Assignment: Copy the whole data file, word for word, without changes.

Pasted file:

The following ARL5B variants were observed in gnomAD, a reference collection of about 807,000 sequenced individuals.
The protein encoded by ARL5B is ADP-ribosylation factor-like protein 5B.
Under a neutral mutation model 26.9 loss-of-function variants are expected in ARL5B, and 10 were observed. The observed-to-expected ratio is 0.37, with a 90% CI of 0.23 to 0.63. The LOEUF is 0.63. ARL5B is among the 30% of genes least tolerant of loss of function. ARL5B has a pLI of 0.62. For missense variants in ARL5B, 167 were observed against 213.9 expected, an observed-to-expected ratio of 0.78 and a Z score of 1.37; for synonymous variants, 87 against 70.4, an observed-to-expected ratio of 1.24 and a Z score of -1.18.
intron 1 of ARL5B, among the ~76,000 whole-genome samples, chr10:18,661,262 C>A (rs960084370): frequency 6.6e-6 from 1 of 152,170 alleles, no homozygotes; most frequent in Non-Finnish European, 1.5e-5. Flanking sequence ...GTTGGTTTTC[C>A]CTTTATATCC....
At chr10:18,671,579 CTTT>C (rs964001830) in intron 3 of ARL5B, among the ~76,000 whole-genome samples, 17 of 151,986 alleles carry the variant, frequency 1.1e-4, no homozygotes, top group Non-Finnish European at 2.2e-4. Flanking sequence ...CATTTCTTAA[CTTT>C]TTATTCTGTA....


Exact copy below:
The following ARL5B variants were observed in gnomAD, a reference collection of about 807,000 sequenced individuals.
The protein encoded by ARL5B is ADP-ribosylation factor-like protein 5B.
Under a neutral mutation model 26.9 loss-of-function variants are expected in ARL5B, and 10 were observed. The observed-to-expected ratio is 0.37, with a 90% CI of 0.23 to 0.63. The LOEUF is 0.63. ARL5B is among the 30% of genes least tolerant of loss of function. ARL5B has a pLI of 0.62. For missense variants in ARL5B, 167 were observed against 213.9 expected, an observed-to-expected ratio of 0.78 and a Z score of 1.37; for synonymous variants, 87 against 70.4, an observed-to-expected ratio of 1.24 and a Z score of -1.18.
intron 1 of ARL5B, among the ~76,000 whole-genome samples, chr10:18,661,262 C>A (rs960084370): frequency 6.6e-6 from 1 of 152,170 alleles, no homozygotes; most frequent in Non-Finnish European, 1.5e-5. Flanking sequence ...GTTGGTTTTC[C>A]CTTTATATCC....
At chr10:18,671,579 CTTT>C (rs964001830) in intron 3 of ARL5B, among the ~76,000 whole-genome samples, 17 of 151,986 alleles carry the variant, frequency 1.1e-4, no homozygotes, top group Non-Finnish European at 2.2e-4. Flanking sequence ...CATTTCTTAA[CTTT>C]TTATTCTGTA....